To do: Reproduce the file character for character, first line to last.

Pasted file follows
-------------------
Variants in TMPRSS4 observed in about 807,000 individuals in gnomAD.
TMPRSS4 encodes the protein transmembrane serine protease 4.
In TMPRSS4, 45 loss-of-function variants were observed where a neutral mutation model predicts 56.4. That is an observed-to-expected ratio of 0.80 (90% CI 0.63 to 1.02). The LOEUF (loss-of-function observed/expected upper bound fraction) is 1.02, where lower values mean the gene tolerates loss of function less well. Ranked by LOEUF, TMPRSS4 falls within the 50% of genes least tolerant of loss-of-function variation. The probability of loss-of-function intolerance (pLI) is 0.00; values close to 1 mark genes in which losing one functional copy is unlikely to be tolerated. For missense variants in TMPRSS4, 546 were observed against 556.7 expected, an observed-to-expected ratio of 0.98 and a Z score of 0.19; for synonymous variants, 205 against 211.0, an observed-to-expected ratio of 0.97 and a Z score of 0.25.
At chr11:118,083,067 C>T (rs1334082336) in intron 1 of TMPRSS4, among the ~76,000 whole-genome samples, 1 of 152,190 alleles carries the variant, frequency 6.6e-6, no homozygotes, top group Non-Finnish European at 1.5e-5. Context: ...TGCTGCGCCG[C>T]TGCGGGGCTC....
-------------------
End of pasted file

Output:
Variants in TMPRSS4 observed in about 807,000 individuals in gnomAD.
TMPRSS4 encodes the protein transmembrane serine protease 4.
In TMPRSS4, 45 loss-of-function variants were observed where a neutral mutation model predicts 56.4. That is an observed-to-expected ratio of 0.80 (90% CI 0.63 to 1.02). The LOEUF (loss-of-function observed/expected upper bound fraction) is 1.02, where lower values mean the gene tolerates loss of function less well. Ranked by LOEUF, TMPRSS4 falls within the 50% of genes least tolerant of loss-of-function variation. The probability of loss-of-function intolerance (pLI) is 0.00; values close to 1 mark genes in which losing one functional copy is unlikely to be tolerated. For missense variants in TMPRSS4, 546 were observed against 556.7 expected, an observed-to-expected ratio of 0.98 and a Z score of 0.19; for synonymous variants, 205 against 211.0, an observed-to-expected ratio of 0.97 and a Z score of 0.25.
At chr11:118,083,067 C>T (rs1334082336) in intron 1 of TMPRSS4, among the ~76,000 whole-genome samples, 1 of 152,190 alleles carries the variant, frequency 6.6e-6, no homozygotes, top group Non-Finnish European at 1.5e-5. Context: ...TGCTGCGCCG[C>T]TGCGGGGCTC....